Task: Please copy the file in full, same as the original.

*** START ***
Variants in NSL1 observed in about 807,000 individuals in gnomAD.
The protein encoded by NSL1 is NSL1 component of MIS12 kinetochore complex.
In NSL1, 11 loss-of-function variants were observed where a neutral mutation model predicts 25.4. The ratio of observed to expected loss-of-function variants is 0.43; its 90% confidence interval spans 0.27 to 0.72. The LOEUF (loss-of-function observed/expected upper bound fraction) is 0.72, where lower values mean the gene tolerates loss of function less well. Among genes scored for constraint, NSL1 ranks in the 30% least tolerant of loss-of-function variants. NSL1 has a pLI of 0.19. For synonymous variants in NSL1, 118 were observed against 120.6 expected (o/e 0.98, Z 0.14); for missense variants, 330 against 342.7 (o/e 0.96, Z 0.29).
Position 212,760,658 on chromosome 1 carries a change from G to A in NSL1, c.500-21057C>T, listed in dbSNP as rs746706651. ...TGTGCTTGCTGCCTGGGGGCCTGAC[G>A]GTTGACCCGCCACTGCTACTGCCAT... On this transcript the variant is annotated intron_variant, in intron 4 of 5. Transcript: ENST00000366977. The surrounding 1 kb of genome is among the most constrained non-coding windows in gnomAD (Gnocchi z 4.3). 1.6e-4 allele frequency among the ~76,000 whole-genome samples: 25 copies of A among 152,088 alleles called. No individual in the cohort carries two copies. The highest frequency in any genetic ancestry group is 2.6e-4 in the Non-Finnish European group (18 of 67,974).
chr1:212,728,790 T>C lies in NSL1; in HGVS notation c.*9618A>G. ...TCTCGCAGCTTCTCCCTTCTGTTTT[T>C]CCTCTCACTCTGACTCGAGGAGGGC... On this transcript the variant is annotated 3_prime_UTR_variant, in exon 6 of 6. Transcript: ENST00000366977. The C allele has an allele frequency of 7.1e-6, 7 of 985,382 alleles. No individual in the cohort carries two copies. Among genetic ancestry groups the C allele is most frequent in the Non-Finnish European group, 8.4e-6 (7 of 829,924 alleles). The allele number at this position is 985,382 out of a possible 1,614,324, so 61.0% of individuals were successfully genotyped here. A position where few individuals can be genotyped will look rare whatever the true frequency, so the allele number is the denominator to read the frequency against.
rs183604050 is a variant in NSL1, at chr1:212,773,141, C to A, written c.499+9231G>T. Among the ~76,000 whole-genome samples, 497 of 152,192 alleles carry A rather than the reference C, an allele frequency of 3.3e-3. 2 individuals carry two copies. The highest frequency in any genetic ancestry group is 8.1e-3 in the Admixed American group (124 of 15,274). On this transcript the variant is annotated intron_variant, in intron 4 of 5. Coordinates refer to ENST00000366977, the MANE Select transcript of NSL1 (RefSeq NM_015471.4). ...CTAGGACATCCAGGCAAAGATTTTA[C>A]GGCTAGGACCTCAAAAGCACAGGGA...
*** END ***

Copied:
Variants in NSL1 observed in about 807,000 individuals in gnomAD.
The protein encoded by NSL1 is NSL1 component of MIS12 kinetochore complex.
In NSL1, 11 loss-of-function variants were observed where a neutral mutation model predicts 25.4. The ratio of observed to expected loss-of-function variants is 0.43; its 90% confidence interval spans 0.27 to 0.72. The LOEUF (loss-of-function observed/expected upper bound fraction) is 0.72, where lower values mean the gene tolerates loss of function less well. Among genes scored for constraint, NSL1 ranks in the 30% least tolerant of loss-of-function variants. NSL1 has a pLI of 0.19. For synonymous variants in NSL1, 118 were observed against 120.6 expected (o/e 0.98, Z 0.14); for missense variants, 330 against 342.7 (o/e 0.96, Z 0.29).
Position 212,760,658 on chromosome 1 carries a change from G to A in NSL1, c.500-21057C>T, listed in dbSNP as rs746706651. ...TGTGCTTGCTGCCTGGGGGCCTGAC[G>A]GTTGACCCGCCACTGCTACTGCCAT... On this transcript the variant is annotated intron_variant, in intron 4 of 5. Transcript: ENST00000366977. The surrounding 1 kb of genome is among the most constrained non-coding windows in gnomAD (Gnocchi z 4.3). 1.6e-4 allele frequency among the ~76,000 whole-genome samples: 25 copies of A among 152,088 alleles called. No individual in the cohort carries two copies. The highest frequency in any genetic ancestry group is 2.6e-4 in the Non-Finnish European group (18 of 67,974).
chr1:212,728,790 T>C lies in NSL1; in HGVS notation c.*9618A>G. ...TCTCGCAGCTTCTCCCTTCTGTTTT[T>C]CCTCTCACTCTGACTCGAGGAGGGC... On this transcript the variant is annotated 3_prime_UTR_variant, in exon 6 of 6. Transcript: ENST00000366977. The C allele has an allele frequency of 7.1e-6, 7 of 985,382 alleles. No individual in the cohort carries two copies. Among genetic ancestry groups the C allele is most frequent in the Non-Finnish European group, 8.4e-6 (7 of 829,924 alleles). The allele number at this position is 985,382 out of a possible 1,614,324, so 61.0% of individuals were successfully genotyped here. A position where few individuals can be genotyped will look rare whatever the true frequency, so the allele number is the denominator to read the frequency against.
rs183604050 is a variant in NSL1, at chr1:212,773,141, C to A, written c.499+9231G>T. Among the ~76,000 whole-genome samples, 497 of 152,192 alleles carry A rather than the reference C, an allele frequency of 3.3e-3. 2 individuals carry two copies. The highest frequency in any genetic ancestry group is 8.1e-3 in the Admixed American group (124 of 15,274). On this transcript the variant is annotated intron_variant, in intron 4 of 5. Coordinates refer to ENST00000366977, the MANE Select transcript of NSL1 (RefSeq NM_015471.4). ...CTAGGACATCCAGGCAAAGATTTTA[C>A]GGCTAGGACCTCAAAAGCACAGGGA...